My argument is that iterators are far superior to indexing when using graphemes (or code points stored as UTF-8 but grapheme support is superior). And they don't hurt when used on ASCII or fixed width strings either so the code will work with either string format. No hairs, split or otherwise here.


I agree that iterators generally make more sense with strings. But sometimes, you really do want to operate on code points - for example, because you're writing a lexer, and the spec that you're implementing defines lexemes as sequences of code points.


That's why the search functions need to be more intelegent. If you pass the search function a grapheme it will do more work. If it notices you just passed in a grapheme that's just a code point it can do a code point scan. And if the internal representstion is UTF-8 and it sees you passed in an ASCII charzcter (very common in lexing/parsing) it will just do a fast byte scan for it.

Now if the spec thinks identifiers are just a collection of code points then it's being imprecise. But things would still work if the lexer/parser you wrote returns identifiers as a bunch of graphemes because ultimately they're just a bunch of code points strung together.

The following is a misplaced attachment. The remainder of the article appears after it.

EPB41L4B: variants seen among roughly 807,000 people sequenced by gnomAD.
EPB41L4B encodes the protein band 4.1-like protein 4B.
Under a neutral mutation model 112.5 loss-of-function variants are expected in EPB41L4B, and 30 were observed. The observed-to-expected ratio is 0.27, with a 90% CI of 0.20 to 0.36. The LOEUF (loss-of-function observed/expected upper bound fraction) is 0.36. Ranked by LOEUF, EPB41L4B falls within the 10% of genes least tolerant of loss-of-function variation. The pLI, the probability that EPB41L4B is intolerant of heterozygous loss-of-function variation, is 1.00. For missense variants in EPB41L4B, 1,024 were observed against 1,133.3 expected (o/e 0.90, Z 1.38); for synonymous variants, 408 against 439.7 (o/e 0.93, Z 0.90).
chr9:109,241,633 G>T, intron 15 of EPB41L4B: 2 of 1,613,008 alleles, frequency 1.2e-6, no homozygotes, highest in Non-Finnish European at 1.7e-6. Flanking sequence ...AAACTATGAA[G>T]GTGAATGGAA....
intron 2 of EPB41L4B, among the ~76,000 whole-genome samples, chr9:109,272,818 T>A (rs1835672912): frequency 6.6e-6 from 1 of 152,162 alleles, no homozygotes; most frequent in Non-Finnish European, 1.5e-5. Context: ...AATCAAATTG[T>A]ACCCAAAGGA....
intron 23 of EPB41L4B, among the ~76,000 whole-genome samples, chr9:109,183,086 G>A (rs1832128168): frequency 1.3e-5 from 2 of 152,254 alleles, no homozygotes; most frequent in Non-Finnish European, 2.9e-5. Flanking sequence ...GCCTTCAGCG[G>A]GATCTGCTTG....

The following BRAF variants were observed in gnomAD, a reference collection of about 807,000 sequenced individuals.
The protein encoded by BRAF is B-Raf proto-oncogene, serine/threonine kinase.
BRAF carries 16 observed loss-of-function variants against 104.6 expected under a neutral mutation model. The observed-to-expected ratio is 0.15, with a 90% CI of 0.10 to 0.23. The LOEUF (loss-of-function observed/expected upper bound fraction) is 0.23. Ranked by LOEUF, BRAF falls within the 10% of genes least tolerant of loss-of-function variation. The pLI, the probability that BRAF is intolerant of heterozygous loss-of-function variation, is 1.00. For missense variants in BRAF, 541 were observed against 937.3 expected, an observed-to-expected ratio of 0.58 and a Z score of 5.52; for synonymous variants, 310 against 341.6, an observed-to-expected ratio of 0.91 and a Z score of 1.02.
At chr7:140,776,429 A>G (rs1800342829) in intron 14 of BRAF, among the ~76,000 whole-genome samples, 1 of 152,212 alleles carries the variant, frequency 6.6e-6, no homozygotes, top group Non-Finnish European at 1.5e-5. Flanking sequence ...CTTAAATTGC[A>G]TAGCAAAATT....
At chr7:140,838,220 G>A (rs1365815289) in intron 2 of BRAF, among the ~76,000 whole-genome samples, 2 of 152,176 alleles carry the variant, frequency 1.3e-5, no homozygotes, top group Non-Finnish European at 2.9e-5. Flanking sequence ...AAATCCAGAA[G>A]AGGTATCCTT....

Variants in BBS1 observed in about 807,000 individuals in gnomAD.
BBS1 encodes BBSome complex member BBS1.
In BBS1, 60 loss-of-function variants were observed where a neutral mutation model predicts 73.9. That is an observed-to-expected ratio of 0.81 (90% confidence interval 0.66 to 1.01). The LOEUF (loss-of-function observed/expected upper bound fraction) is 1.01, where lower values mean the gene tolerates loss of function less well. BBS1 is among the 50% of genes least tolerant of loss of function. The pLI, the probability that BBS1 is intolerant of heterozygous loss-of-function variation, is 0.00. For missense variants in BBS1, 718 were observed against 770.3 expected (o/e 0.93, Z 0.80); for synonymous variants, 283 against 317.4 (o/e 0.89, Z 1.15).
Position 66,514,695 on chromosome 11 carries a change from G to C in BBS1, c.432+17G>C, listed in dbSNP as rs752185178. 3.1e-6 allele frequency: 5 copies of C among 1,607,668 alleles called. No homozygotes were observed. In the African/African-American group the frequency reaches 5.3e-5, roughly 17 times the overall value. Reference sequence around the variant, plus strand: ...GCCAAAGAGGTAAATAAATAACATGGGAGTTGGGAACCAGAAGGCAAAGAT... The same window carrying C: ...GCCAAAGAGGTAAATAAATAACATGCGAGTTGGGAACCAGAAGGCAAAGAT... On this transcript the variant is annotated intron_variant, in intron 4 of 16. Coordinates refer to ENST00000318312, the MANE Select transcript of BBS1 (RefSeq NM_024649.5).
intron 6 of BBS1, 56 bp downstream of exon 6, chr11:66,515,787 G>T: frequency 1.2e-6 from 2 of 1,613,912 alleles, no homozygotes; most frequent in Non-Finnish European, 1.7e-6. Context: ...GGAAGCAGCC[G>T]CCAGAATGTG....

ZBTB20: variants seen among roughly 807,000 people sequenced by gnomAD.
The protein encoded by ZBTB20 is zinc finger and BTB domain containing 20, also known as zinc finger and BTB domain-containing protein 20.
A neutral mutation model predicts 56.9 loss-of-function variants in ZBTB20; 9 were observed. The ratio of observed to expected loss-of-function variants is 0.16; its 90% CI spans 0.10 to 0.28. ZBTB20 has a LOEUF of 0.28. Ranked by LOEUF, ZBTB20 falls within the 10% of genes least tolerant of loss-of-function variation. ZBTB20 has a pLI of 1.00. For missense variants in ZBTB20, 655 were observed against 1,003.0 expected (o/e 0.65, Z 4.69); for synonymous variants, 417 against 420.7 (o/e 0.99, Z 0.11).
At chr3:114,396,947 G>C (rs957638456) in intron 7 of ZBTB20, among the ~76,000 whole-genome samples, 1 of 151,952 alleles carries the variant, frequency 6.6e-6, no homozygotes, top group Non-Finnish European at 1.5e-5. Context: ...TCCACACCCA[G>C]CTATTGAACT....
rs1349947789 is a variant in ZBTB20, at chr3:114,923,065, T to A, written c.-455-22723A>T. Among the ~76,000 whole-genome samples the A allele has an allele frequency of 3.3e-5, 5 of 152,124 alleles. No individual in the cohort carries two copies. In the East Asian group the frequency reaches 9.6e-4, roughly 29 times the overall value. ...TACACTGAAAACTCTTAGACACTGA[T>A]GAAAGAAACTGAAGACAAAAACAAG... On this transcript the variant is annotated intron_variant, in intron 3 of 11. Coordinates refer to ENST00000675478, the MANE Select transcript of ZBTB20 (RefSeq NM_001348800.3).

It's only in situations where you need to truncate identifiers to a certain length that graphemes become important. Also normalizing them when matching identifiers would also probably be a good idea.


int_19h's approach is still valid for this; you're asking for whole displayed characters which are combined of some (you don't need to know) number of bits in memory across several units of the memory segment(s) that hold the string.

Based on your description, the correct solution is probably to use a structure or class of a more regular format to store the decoded HICN in pre-broken form. If they really only allow numbers in runs of text you might save space and speed comparison/indexing by doing this.


It's more that I get tired of people declaring that indexing and length operations need to be completely and utterly and permanently forbidden and removed, and then proposing that they be replaced by operations which are equivalent to indexing and length operations.

Doing these operations on sequences of code points can be perfectly safe and correct, and in 99.99%+ of real-world cases probably will be perfectly safe and correct. My preference is for people to know what the rare failure cases are, and to teach how to watch out for and handle those cases, while the other approach is to forbid the 99.99% case to shut down the risk of mis-handling the 0.001% case.


When people say they should be removed they mean primitive operations (like a standard 'length' attribute/function, or an array index operator) shouldn't exist for that type.